(Bloomberg) -- South Africa’s current account deficit shrank by much more than expected in the third quarter, reflecting lower import volumes amid weaker demand and logistics bottlenecks.
The deficit on the current account, the broadest measure of trade in goods and services, shrank to an annualized 0.3% of gross domestic product, or 19.3 billion rand ($1 billion), from a revised 2.7% of GDP in the prior quarter, the South African Reserve Bank said in a statement Thursday.
The consensus of nine economists in a Bloomberg survey was for a deficit of 1% of GDP. South Africa has now posted a current-account shortfall for a sixth straight quarter.
“The fall in imports, which led to the shrinking of the current account deficit in the third quarter, reflects a collapse in demand,” said Bloomberg Africa economist Yvonne Mgango. “This corresponds with the sharp slowdown in credit growth and contraction of household consumption expenditure in the same quarter.”
South Africa’s economy contracted 0.2% in the three months through September, hobbled by poor logistics and the country’s erratic electricity supply, which has suffered almost daily power outages this year.
The trade surplus widened to 189.1 billion rand in the third quarter from 22.2 billion rand as the value of merchandise imports decreased more than that of goods exports, the central bank said. The drop in import values was due to lower volumes, it said.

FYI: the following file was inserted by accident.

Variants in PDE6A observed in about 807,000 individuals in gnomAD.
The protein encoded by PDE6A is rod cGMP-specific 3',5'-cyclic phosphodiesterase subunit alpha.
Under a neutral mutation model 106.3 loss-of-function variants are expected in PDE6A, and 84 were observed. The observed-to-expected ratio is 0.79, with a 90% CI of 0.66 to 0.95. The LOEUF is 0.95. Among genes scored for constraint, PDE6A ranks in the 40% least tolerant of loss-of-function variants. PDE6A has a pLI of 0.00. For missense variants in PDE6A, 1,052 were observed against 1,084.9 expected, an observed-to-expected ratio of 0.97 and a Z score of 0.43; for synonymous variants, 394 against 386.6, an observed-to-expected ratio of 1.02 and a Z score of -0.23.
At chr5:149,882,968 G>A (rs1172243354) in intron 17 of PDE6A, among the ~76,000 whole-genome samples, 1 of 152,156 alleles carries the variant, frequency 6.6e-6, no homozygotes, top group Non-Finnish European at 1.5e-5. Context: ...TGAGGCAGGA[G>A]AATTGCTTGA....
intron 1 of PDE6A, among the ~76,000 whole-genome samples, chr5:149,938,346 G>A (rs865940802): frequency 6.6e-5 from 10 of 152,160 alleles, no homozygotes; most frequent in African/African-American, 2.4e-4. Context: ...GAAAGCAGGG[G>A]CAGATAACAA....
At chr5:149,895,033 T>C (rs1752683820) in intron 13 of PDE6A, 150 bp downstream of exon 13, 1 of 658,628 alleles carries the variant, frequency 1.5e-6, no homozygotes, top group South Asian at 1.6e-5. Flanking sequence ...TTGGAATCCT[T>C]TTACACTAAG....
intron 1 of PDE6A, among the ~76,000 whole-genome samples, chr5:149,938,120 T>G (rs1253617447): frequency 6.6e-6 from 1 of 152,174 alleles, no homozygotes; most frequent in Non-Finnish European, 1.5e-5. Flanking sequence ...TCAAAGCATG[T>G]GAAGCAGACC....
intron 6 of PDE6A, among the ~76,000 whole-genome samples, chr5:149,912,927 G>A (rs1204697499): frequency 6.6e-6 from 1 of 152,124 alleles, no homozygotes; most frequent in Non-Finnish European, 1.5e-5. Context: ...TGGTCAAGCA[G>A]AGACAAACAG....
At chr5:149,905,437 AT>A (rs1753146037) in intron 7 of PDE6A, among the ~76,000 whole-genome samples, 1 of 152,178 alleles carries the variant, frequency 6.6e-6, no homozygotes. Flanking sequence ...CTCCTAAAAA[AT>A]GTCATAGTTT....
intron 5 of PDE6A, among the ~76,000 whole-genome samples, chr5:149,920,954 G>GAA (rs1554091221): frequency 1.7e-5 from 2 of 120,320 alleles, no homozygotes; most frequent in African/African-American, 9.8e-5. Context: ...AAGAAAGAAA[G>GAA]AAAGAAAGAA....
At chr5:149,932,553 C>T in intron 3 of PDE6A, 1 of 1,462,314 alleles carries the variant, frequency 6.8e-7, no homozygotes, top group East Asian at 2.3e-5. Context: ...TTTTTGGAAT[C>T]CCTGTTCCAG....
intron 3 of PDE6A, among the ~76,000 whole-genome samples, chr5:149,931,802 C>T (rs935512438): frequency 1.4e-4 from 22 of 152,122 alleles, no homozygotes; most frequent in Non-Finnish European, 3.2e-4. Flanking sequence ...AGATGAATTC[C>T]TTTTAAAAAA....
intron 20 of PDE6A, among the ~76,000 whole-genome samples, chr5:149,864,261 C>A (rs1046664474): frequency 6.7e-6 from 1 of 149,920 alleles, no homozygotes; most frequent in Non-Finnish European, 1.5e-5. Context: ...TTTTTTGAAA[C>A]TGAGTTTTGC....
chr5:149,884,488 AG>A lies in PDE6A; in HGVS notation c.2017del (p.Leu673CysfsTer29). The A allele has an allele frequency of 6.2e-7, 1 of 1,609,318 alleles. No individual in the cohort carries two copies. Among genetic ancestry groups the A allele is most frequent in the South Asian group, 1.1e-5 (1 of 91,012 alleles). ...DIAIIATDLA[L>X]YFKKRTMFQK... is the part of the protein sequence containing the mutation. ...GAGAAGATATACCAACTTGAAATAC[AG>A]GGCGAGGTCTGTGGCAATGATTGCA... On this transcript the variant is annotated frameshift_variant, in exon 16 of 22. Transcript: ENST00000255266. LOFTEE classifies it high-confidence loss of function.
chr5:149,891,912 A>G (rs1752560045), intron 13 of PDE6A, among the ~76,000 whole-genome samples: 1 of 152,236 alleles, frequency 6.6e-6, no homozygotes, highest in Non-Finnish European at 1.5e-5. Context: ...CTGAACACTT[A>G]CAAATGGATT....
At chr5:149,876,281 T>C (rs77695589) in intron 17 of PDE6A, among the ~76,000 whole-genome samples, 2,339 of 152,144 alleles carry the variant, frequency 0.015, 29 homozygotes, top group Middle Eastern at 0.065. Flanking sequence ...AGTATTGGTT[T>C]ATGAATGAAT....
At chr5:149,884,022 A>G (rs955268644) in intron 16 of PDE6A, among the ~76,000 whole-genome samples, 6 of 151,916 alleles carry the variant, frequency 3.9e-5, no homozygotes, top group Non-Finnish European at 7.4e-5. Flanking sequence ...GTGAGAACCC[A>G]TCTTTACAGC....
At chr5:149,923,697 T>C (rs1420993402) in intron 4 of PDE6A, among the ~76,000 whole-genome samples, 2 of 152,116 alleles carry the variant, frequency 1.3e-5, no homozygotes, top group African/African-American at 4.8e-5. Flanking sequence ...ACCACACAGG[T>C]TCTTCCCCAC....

The lower import volumes aligned with data from the South African Revenue Service, which showed a large decline in imports of machinery and electronics, followed by lower imports of vehicles and transport equipment in the third quarter.
In addition to weaker domestic demand, logistical problems may have impacted imports. The country’s ports have suffered severe backlogs due to breakdowns and bad weather that at one stage last month resulted in almost 100 vessels waiting offshore to dock.
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African Rainbow Capital Ltd. said separately on Thursday that the rollout of solar installations slowed during the third quarter, noting wider industry trends and reduced instances of load shedding, as power cuts are known locally.
South African households and businesses have made significant efforts to install back-up power solutions to counter daily electricity outages, including solar panels and battery storage systems, and much of the equipment is imported.
The services, income and current transfer account shortfall widened marginally to 208.5 billion rand in the third quarter, compared with a prior 207.4 billion rand, primarily as a result of larger deficits on the services account and primary income account, the central bank said.
The deficit on the services, income and current transfer account as a ratio of GDP remained unchanged at 3.0% in the third quarter.
--With assistance from Simbarashe Gumbo and Rene Vollgraaff.
(Updates with more details from the fifth paragraph.)
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